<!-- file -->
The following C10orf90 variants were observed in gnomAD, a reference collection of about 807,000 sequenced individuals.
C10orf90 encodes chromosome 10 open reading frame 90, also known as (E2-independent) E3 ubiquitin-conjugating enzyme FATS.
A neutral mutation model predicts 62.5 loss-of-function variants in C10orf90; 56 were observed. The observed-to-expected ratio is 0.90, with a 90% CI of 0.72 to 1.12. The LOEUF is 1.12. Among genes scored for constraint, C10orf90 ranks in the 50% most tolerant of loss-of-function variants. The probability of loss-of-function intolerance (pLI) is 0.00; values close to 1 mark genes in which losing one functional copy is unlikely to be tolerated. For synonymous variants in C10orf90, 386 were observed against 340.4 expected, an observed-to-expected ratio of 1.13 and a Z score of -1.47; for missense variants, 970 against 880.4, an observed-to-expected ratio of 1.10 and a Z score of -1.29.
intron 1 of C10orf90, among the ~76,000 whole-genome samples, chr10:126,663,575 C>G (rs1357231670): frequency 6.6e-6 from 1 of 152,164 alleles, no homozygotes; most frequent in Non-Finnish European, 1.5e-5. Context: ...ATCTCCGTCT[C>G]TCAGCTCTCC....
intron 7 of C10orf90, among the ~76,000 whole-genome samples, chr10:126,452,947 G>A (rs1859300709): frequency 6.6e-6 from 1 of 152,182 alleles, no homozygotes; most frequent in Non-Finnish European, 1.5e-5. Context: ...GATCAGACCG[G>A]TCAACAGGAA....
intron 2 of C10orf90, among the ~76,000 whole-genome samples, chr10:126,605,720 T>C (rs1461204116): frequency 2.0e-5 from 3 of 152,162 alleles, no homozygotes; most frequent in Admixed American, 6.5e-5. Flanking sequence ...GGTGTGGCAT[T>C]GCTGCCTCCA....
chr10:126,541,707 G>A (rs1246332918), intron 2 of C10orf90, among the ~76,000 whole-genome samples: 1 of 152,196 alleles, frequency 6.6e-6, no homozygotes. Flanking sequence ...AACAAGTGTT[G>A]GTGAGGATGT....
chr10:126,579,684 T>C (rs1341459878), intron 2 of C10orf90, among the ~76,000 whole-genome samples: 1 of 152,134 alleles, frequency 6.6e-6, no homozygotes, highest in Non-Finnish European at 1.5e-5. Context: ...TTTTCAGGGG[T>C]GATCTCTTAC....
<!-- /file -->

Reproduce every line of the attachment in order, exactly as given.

The following C10orf90 variants were observed in gnomAD, a reference collection of about 807,000 sequenced individuals.
C10orf90 encodes chromosome 10 open reading frame 90, also known as (E2-independent) E3 ubiquitin-conjugating enzyme FATS.
A neutral mutation model predicts 62.5 loss-of-function variants in C10orf90; 56 were observed. The observed-to-expected ratio is 0.90, with a 90% CI of 0.72 to 1.12. The LOEUF is 1.12. Among genes scored for constraint, C10orf90 ranks in the 50% most tolerant of loss-of-function variants. The probability of loss-of-function intolerance (pLI) is 0.00; values close to 1 mark genes in which losing one functional copy is unlikely to be tolerated. For synonymous variants in C10orf90, 386 were observed against 340.4 expected, an observed-to-expected ratio of 1.13 and a Z score of -1.47; for missense variants, 970 against 880.4, an observed-to-expected ratio of 1.10 and a Z score of -1.29.
intron 1 of C10orf90, among the ~76,000 whole-genome samples, chr10:126,663,575 C>G (rs1357231670): frequency 6.6e-6 from 1 of 152,164 alleles, no homozygotes; most frequent in Non-Finnish European, 1.5e-5. Context: ...ATCTCCGTCT[C>G]TCAGCTCTCC....
intron 7 of C10orf90, among the ~76,000 whole-genome samples, chr10:126,452,947 G>A (rs1859300709): frequency 6.6e-6 from 1 of 152,182 alleles, no homozygotes; most frequent in Non-Finnish European, 1.5e-5. Context: ...GATCAGACCG[G>A]TCAACAGGAA....
intron 2 of C10orf90, among the ~76,000 whole-genome samples, chr10:126,605,720 T>C (rs1461204116): frequency 2.0e-5 from 3 of 152,162 alleles, no homozygotes; most frequent in Admixed American, 6.5e-5. Flanking sequence ...GGTGTGGCAT[T>C]GCTGCCTCCA....
chr10:126,541,707 G>A (rs1246332918), intron 2 of C10orf90, among the ~76,000 whole-genome samples: 1 of 152,196 alleles, frequency 6.6e-6, no homozygotes. Flanking sequence ...AACAAGTGTT[G>A]GTGAGGATGT....
chr10:126,579,684 T>C (rs1341459878), intron 2 of C10orf90, among the ~76,000 whole-genome samples: 1 of 152,134 alleles, frequency 6.6e-6, no homozygotes, highest in Non-Finnish European at 1.5e-5. Context: ...TTTTCAGGGG[T>C]GATCTCTTAC....